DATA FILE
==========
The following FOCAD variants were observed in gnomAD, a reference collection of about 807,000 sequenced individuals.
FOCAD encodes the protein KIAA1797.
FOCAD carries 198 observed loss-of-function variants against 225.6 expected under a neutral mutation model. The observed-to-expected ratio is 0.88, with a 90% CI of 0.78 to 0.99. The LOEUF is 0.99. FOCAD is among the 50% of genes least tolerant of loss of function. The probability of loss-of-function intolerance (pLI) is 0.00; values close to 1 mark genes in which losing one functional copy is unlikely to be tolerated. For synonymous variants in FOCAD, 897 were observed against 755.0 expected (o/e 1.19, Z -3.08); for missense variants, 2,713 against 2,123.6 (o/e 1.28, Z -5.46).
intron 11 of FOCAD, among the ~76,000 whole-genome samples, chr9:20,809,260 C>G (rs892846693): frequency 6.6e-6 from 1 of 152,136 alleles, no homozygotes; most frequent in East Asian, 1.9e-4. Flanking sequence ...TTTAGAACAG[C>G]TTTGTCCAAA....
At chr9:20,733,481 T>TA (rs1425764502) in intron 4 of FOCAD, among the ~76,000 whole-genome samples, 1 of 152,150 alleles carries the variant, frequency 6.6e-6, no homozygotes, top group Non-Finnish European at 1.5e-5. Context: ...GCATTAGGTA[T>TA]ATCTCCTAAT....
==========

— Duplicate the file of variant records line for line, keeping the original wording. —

The following FOCAD variants were observed in gnomAD, a reference collection of about 807,000 sequenced individuals.
FOCAD encodes the protein KIAA1797.
FOCAD carries 198 observed loss-of-function variants against 225.6 expected under a neutral mutation model. The observed-to-expected ratio is 0.88, with a 90% CI of 0.78 to 0.99. The LOEUF is 0.99. FOCAD is among the 50% of genes least tolerant of loss of function. The probability of loss-of-function intolerance (pLI) is 0.00; values close to 1 mark genes in which losing one functional copy is unlikely to be tolerated. For synonymous variants in FOCAD, 897 were observed against 755.0 expected (o/e 1.19, Z -3.08); for missense variants, 2,713 against 2,123.6 (o/e 1.28, Z -5.46).
intron 11 of FOCAD, among the ~76,000 whole-genome samples, chr9:20,809,260 C>G (rs892846693): frequency 6.6e-6 from 1 of 152,136 alleles, no homozygotes; most frequent in East Asian, 1.9e-4. Flanking sequence ...TTTAGAACAG[C>G]TTTGTCCAAA....
At chr9:20,733,481 T>TA (rs1425764502) in intron 4 of FOCAD, among the ~76,000 whole-genome samples, 1 of 152,150 alleles carries the variant, frequency 6.6e-6, no homozygotes, top group Non-Finnish European at 1.5e-5. Context: ...GCATTAGGTA[T>TA]ATCTCCTAAT....